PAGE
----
The court also reasoned that the context of the case militated against a preliminary injunction—imposing any prior restraint on election-related speech should be viewed with extreme caution.  Indeed, “debate on the qualifications of candidates [is] integral to the operation of the system of government established by our Constitution.”  Buckley v. Valeo, 424 U.S. 1, 14 (1976).  Accordingly, the court denied the preliminary injunction as a prior restraint on speech, particularly given that the speech at issue had not yet been determined to be defamatory.

Goodson Was Unlikely to Succeed on the Merits

The court also held that Goodson could now show a reasonable probability of succeeding on the merits of her defamation claim, as she must in order to obtain a preliminary injunction.  The court explained that, because she is a public official, Goodson must show that the Special Interest Group made the statements at issue with actual malice.

The court stated that Goodson likely could not prove actual malice concerning the statements about her trip to Italy and campaign contributions.

The court also concluded that Goodson was unlikely to show that the Special Interest Group acted with actual malice regarding the advertisements stating that Goodson requested a pay raise.  Although it did not confirm whether Goodson voted for the pay raise before running the advertisement, there was no indication that the Special Interest Group made the statement knowing it was false or that it was very likely false.  The court cautioned, however, that Goodson’s testimony at the hearing provided notice that she voted against the raise.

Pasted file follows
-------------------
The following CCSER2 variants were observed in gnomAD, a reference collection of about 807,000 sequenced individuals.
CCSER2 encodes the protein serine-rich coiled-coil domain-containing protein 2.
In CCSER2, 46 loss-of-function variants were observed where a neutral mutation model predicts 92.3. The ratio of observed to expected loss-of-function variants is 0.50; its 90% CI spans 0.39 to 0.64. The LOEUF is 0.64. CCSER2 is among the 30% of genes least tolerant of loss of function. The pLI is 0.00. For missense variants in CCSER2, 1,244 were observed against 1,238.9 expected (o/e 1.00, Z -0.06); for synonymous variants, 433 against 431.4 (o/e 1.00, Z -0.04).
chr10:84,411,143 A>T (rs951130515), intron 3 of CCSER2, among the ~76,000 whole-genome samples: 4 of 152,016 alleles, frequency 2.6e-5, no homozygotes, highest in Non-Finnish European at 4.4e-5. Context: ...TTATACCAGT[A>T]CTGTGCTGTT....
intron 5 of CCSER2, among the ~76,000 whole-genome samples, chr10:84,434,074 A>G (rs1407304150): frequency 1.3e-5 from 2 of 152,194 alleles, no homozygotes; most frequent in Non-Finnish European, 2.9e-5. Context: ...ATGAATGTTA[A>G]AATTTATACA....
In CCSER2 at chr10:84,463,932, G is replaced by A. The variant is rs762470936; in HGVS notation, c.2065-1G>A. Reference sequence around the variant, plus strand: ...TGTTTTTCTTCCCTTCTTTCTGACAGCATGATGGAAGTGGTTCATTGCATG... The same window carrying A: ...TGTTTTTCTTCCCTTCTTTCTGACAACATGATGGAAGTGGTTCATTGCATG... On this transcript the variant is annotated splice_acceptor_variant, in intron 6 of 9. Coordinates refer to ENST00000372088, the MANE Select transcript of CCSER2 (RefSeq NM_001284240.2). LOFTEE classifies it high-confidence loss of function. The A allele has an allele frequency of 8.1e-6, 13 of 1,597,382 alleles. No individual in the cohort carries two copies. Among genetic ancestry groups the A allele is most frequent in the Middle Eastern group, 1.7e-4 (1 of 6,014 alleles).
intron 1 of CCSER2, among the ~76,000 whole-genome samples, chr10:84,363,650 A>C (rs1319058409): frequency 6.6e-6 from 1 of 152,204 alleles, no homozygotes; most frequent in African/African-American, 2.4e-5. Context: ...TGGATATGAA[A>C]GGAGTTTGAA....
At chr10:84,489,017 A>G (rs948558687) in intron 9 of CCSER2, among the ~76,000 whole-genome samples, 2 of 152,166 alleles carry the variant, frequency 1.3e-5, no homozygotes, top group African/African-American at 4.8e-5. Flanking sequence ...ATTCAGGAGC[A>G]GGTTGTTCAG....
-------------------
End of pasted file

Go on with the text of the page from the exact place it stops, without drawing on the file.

While a bitter pill for Goodson to swallow as a candidate facing political advertisements making allegedly false claims against her, the court reached the correct result.  A prior restraint on free speech may be upheld, if at all, only in extraordinary circumstances.  The U.S. Supreme Court has suggested that such extraordinary circumstances may be found for matters of national security or to control obscenity.  Near v. Minnesota, 283 U.S. 697, 716 (1931); see N.Y. Times v. United States, 403 U.S. 713, 718-720 (1971) (Black, J., concurring).  Furthermore, a prior restraint restricting political speech is particularly problematic given that political speech “is at the heart of our democratic process and ‘operates at the core of the First Amendment.’”  Ariz. Right to Life PAC v. Bayless, 320 F.3d 1002, 1008 (9th Cir. 2003) (quoting Boos v. Barry, 485 U.S. 312, 318 (1988)).

The First Amendment is of vital importance, particularly in the arena of political speech, as “[o]nly a free and unrestrained press can effectively expose deception in the government.”  N.Y. Times, 403 U.S. at 717 (Black, J., concurring).  In Goodson, the Eastern District of Arkansas, correctly recognizing this, avoided taking a step down the proverbial slippery slope.